Like all of the games in this genre, collection is king and you have all sorts of precursor orbs and power cells to seek out around the vivid and intriguing worlds. Despite the stiff controls, the platforming is fun and the exploration keeps things interesting.

Jak II is a completely different experience and one that's hard to jump into directly after playing the first game in the series. The once lovable characters are pretty unbearable now thanks to the "badass" treatment they were given to match the tastes of the market at the time. While this is plenty frustrating in its own right, the core experience simply isn't very fun.

Firearms have been tossed into the mix, mostly supplanting the melee attacks of the first. While these attacks can still be employed, they're now ineffective when matched up against the projectile weaponry. You'll use the guns in a variety of missions, which are sprawled across an enormous cityscape. Most of the missions are made extremely challenging due to the poor AI and the ineffective camera that fails to shift to properly scope the action on the screen.

Trekking from one mission to another is likely the biggest issue as you'll often find yourself going from one side of the enormous map to the other. You can hop on special hover vehicles to help speed things up, but they pilot so poorly, they add nothing but frustration. Warp points worked well in the first game and they should've been maintained here to reduce travel time (they'll come back in Jak 3, thankfully).

Speaking of Jak 3, the final game in the collection is definitely the best. Lifting concepts and designs from the past two games, the experience really shines. The missions are varied, the vehicles are fun to control (both the animal and mechanical varieties), and everything seems to flow together in a much more organic way. With plenty of pure platforming segments, Jak 3 is cognizant of its beginnings while still maintaining the gun-based gameplay introduced in Jak II.


Being that both Jak and Daxter and Jak 3 hold up well today, it's easy to recommend the Jak and Daxter Collection to those who haven't had a chance to play these games before. They're definitely classics and they show a side of Naughty Dog that you don't see much these days.

On the other hand, the rush job ports and the thin content make it a much tougher sell for established fans who already own the games. Sony really dropped the ball on this remastering - this collection should've been paid much more respect.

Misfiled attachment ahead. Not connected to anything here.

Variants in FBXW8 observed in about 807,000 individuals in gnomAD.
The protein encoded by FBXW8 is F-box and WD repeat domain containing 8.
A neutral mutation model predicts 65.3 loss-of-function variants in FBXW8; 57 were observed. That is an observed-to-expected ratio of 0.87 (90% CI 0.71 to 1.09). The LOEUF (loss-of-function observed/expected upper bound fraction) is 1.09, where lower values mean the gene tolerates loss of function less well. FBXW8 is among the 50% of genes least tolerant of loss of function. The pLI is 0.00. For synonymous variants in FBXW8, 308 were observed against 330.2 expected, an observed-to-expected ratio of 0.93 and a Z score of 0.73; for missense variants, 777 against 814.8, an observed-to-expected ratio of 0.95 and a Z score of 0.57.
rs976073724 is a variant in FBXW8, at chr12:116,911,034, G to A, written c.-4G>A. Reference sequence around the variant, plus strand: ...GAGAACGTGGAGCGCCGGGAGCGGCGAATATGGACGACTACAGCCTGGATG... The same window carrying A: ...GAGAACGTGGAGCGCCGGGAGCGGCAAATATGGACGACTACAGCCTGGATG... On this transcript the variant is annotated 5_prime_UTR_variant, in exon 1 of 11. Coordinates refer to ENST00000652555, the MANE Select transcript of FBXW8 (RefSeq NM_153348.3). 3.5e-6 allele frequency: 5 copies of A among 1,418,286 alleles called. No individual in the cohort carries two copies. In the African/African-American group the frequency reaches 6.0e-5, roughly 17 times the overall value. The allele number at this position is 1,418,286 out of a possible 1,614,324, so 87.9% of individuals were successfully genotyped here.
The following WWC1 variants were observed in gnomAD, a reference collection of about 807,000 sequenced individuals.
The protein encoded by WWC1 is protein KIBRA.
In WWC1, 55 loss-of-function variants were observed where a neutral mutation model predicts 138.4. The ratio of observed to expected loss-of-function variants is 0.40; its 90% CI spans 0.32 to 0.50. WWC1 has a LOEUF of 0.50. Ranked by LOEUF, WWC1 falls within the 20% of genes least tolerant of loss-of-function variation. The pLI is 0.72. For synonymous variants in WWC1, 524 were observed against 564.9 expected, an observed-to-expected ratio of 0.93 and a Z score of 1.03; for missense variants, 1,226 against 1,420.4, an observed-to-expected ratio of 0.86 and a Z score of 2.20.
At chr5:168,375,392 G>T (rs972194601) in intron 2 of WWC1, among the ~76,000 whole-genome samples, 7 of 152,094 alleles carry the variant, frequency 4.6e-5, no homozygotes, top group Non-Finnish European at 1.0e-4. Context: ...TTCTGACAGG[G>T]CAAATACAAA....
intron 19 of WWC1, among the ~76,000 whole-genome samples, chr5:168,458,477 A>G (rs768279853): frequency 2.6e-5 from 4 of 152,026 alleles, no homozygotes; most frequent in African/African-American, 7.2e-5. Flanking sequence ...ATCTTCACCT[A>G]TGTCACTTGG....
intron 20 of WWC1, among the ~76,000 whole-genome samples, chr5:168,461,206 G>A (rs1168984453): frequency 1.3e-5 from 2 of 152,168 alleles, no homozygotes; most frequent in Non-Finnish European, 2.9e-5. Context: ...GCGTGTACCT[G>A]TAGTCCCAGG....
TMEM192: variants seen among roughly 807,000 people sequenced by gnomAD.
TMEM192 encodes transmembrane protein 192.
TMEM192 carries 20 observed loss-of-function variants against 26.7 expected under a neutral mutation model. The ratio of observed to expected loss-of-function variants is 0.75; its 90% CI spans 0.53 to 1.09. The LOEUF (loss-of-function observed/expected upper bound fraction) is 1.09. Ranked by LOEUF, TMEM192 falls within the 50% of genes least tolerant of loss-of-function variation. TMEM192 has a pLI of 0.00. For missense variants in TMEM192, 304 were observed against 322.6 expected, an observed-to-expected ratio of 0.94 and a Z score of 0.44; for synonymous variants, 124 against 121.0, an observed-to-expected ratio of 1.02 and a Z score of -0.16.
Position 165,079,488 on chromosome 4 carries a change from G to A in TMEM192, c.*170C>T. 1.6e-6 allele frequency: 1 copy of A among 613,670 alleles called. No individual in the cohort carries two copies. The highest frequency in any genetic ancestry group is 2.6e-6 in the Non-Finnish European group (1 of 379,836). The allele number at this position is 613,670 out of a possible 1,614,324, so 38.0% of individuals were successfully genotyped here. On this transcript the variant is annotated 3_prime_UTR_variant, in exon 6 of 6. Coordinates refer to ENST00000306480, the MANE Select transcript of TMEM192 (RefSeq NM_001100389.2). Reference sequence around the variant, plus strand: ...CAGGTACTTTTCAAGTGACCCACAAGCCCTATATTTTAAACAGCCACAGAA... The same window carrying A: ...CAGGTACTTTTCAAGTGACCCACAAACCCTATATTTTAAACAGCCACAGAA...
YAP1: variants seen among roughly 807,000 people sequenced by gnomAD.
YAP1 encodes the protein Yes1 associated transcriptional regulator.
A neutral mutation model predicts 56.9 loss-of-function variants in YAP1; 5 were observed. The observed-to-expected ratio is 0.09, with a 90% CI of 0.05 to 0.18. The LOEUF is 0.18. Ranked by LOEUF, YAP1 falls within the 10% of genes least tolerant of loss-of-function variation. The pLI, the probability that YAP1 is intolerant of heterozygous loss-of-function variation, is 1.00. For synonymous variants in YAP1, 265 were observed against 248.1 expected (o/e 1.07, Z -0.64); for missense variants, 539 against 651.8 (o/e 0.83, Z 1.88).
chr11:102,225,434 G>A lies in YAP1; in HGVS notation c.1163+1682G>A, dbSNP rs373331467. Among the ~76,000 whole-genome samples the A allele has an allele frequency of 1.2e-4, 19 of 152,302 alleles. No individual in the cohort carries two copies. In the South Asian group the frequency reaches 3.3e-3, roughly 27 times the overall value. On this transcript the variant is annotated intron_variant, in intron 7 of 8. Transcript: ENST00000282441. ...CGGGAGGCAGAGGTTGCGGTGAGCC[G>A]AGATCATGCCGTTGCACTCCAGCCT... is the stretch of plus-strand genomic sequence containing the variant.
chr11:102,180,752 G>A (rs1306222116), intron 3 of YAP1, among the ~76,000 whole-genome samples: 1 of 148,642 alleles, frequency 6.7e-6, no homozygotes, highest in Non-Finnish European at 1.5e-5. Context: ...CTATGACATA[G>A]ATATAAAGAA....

Review Policy

In our reviews, we'll try not to bore you with minutiae of a game. Instead, we'll outline what makes the game good or bad, and focus on telling you whether or not it is worth your time as opposed to what button makes you jump.

We use a five-star rating system with intervals of .5. Below is an outline of what each score generally means:

All games that receive this score are standout games in their genre. All players should seek a way to play this game. While the score doesn't equate to perfection, it's the best any game could conceivably do.

These are above-average games that most players should consider purchasing. Nearly everyone will enjoy the game and given the proper audience, some may even love these games.

This is our middle-of-the-road ranking. Titles that receive three stars may not make a strong impression on the reviewer in either direction. These games may have some faults and some strong points but they average out to be a modest title that is at least worthy of rental for most.

Games that are awarded two stars are below average titles. Good ideas may be present, but execution is poor and many issues hinder the experience.

Though functional, a game that receives this score has major issues. There are little to no redeeming qualities and should be avoided by nearly all players.

A game that gets this score is fundamentally broken and should be avoided by everyone.



Jon Lewis Staff Writer

02/13/2012 at 12:42 AM

Unfortunately I missed out on the Jak and Daxter series because I was extremely late to the PS2 party. Im definitely gonna be picking this up sometime later this year when I have some extra time.


02/13/2012 at 03:18 AM

These are my favorite games. I have always ranked them similar to how you do. Liking 3 slightly more than 1 and then 2 the least though I still liked it a lot. Am almost done with Jak II on the Collection now and think it is better than I recalled. There are some really great missions outside the city, but boy getting around the city and some of the missions in it are a miss. Looking forward to replaying Jak 3.